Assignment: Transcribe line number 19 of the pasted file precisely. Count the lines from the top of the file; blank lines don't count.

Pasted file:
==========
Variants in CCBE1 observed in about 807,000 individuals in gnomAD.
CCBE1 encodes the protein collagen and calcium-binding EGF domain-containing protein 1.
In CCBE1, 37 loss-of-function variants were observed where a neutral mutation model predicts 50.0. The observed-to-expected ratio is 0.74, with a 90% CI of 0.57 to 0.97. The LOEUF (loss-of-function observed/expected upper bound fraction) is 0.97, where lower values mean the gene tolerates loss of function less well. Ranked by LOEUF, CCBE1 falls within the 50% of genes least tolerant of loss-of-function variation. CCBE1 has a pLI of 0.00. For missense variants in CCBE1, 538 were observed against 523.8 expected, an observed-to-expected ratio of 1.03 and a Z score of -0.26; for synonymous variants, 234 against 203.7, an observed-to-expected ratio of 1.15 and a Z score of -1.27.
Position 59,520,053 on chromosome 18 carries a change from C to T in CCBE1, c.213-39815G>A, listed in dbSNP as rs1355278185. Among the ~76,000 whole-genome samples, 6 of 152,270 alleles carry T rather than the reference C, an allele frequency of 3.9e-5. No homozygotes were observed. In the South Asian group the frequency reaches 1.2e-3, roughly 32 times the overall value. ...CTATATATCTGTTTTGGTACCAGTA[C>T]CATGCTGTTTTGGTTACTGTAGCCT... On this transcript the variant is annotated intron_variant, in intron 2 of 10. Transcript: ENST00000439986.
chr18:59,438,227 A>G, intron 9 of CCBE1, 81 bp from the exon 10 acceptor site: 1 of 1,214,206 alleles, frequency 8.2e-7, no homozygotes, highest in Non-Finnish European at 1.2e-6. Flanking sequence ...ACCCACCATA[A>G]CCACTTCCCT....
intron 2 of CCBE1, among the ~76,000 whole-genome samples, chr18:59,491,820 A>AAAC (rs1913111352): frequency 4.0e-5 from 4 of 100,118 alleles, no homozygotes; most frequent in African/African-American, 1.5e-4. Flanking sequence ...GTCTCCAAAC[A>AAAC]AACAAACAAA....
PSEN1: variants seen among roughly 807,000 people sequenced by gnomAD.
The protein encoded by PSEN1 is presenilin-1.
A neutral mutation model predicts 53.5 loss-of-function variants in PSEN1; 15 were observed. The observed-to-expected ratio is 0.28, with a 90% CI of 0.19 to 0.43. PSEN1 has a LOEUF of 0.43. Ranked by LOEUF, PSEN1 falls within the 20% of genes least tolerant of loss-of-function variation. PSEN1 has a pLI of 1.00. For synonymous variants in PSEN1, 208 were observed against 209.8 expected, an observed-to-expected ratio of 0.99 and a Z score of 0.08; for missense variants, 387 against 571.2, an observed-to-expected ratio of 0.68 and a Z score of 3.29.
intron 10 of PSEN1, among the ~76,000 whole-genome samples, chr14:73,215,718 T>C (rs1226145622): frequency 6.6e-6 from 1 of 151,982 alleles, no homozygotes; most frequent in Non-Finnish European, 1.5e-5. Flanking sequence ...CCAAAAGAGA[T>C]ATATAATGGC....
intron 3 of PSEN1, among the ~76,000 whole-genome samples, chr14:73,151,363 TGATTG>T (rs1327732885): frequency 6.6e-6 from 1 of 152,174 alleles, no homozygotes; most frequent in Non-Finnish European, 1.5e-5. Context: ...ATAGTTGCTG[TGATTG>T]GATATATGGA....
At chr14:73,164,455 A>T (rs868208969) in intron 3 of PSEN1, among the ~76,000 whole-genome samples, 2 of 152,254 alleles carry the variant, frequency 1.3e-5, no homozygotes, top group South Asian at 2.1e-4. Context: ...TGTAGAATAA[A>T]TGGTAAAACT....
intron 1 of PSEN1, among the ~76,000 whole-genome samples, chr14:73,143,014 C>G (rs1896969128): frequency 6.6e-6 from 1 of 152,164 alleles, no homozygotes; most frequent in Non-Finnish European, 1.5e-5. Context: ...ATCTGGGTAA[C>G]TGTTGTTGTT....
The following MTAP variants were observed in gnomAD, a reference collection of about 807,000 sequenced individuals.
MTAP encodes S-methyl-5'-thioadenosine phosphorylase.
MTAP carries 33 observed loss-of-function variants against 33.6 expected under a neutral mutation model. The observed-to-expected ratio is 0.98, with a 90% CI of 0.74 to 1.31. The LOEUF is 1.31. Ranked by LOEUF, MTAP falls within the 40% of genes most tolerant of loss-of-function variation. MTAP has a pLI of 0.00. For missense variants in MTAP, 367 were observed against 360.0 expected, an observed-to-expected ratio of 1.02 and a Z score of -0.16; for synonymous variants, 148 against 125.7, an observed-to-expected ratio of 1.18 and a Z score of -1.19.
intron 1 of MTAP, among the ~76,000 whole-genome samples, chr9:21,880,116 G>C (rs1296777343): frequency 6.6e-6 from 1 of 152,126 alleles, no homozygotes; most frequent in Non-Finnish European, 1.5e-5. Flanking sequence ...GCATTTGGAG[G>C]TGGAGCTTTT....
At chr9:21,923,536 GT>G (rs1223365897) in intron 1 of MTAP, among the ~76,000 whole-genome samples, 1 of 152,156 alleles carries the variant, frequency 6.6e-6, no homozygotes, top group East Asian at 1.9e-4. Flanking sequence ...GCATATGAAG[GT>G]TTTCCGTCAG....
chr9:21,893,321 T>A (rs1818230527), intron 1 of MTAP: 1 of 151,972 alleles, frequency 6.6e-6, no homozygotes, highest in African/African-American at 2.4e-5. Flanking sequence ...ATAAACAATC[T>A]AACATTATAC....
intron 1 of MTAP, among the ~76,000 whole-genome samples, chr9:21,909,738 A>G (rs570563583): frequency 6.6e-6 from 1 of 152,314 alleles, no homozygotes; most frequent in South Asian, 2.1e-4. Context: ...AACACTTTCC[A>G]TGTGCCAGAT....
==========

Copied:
chr9:21,893,321 T>A (rs1818230527), intron 1 of MTAP: 1 of 151,972 alleles, frequency 6.6e-6, no homozygotes, highest in African/African-American at 2.4e-5. Flanking sequence ...ATAAACAATC[T>A]AACATTATAC....